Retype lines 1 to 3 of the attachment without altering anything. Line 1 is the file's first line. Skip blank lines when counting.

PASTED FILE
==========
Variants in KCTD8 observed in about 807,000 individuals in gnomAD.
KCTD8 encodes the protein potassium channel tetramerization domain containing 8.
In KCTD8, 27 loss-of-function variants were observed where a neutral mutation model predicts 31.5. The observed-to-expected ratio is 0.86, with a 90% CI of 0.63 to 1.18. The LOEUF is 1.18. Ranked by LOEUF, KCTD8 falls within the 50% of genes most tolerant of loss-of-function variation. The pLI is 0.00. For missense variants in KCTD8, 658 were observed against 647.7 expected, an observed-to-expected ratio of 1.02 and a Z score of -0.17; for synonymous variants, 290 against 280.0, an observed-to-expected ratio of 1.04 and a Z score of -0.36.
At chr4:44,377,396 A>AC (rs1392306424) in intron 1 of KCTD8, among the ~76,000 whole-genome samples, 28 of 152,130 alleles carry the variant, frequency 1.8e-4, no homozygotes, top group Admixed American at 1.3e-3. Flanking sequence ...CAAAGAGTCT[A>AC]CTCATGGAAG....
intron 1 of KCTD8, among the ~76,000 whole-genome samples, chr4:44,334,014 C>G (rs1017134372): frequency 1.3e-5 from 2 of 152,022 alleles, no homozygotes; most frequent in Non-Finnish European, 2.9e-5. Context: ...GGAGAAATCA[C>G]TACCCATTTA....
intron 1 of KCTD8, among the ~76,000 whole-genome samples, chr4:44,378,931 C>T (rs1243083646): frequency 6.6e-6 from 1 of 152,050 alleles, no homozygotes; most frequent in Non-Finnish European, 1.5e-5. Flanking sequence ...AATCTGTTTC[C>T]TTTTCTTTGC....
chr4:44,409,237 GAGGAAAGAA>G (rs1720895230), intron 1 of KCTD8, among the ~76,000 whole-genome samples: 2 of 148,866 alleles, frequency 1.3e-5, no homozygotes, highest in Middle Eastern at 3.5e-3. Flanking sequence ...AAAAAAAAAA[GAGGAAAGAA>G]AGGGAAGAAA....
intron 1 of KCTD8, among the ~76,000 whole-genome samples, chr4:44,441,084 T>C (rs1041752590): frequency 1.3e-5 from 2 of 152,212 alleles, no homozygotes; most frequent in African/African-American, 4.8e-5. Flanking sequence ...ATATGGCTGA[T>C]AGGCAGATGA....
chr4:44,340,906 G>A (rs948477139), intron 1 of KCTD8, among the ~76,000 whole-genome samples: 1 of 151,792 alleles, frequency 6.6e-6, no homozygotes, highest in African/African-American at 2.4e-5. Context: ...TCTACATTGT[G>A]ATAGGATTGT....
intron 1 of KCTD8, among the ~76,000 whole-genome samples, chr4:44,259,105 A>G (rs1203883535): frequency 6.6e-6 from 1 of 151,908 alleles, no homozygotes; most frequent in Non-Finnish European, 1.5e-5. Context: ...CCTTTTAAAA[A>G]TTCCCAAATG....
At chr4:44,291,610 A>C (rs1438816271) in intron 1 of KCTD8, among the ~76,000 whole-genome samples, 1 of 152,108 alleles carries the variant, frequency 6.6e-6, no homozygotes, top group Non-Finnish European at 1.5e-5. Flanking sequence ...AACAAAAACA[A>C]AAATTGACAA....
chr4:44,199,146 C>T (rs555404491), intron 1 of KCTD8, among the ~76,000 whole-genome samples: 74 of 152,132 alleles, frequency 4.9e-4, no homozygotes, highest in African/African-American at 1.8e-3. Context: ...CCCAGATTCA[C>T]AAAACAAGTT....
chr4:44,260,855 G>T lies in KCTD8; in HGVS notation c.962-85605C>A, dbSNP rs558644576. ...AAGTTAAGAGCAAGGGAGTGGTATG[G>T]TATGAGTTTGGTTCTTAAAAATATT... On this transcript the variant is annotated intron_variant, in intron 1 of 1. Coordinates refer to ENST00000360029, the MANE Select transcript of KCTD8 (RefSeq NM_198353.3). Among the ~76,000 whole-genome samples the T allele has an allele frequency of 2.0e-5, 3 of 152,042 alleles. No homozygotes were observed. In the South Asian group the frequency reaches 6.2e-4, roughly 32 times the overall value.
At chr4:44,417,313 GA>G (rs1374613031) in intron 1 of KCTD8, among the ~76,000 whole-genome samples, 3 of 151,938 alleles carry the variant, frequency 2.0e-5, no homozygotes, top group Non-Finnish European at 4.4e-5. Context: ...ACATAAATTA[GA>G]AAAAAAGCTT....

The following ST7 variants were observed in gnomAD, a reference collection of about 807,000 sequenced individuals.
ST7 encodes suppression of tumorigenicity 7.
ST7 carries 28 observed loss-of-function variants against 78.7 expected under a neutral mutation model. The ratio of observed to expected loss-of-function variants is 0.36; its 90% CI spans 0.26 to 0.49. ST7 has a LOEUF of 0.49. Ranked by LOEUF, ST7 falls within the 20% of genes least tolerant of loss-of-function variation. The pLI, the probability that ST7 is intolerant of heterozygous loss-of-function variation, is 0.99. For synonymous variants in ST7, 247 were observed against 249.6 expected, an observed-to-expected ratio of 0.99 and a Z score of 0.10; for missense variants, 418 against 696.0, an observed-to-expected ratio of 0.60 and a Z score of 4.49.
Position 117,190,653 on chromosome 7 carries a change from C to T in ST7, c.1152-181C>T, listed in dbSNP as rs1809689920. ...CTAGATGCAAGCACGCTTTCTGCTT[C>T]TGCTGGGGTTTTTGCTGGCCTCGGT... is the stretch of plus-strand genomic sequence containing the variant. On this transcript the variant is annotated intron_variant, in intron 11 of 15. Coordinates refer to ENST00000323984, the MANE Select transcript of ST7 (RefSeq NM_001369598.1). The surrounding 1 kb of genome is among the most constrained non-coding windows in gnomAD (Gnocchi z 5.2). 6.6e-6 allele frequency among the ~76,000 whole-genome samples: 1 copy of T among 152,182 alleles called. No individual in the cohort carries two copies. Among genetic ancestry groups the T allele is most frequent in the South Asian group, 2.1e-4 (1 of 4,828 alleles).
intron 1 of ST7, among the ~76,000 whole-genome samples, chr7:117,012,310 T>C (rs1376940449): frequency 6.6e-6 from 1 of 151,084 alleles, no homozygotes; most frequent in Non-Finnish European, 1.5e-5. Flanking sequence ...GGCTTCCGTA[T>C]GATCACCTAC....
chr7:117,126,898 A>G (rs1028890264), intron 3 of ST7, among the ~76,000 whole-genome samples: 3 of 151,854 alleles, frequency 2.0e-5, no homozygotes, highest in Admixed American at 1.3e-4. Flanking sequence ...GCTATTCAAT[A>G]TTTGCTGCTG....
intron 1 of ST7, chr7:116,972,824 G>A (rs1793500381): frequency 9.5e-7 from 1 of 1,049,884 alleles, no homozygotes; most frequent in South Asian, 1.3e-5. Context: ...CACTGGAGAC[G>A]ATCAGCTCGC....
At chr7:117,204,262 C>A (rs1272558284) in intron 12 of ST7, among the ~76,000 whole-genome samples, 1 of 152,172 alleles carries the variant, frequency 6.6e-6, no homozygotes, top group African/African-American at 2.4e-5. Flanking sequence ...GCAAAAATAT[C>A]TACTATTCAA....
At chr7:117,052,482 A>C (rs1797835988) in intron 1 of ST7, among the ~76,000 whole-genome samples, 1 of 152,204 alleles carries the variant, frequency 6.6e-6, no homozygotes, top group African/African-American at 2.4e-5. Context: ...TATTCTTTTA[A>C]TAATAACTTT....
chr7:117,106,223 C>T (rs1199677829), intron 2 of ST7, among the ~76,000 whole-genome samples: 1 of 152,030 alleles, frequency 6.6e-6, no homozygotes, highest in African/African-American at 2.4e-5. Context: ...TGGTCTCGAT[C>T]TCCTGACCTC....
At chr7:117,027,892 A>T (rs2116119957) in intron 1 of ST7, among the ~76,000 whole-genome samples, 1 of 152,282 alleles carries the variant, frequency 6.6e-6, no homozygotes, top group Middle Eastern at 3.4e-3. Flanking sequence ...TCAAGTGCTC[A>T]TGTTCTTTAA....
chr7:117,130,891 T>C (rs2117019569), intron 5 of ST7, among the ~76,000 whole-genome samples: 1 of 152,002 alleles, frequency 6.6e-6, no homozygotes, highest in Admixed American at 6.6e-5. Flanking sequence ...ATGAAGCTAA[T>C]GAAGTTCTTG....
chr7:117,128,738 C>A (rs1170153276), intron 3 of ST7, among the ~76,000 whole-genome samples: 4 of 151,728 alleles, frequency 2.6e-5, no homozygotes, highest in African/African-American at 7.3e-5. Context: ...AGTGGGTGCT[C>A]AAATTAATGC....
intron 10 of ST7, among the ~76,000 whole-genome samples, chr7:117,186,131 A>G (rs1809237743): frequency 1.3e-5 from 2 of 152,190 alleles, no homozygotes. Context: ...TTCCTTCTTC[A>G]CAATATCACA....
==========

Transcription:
Variants in KCTD8 observed in about 807,000 individuals in gnomAD.
KCTD8 encodes the protein potassium channel tetramerization domain containing 8.
In KCTD8, 27 loss-of-function variants were observed where a neutral mutation model predicts 31.5. The observed-to-expected ratio is 0.86, with a 90% CI of 0.63 to 1.18. The LOEUF is 1.18. Ranked by LOEUF, KCTD8 falls within the 50% of genes most tolerant of loss-of-function variation. The pLI is 0.00. For missense variants in KCTD8, 658 were observed against 647.7 expected, an observed-to-expected ratio of 1.02 and a Z score of -0.17; for synonymous variants, 290 against 280.0, an observed-to-expected ratio of 1.04 and a Z score of -0.36.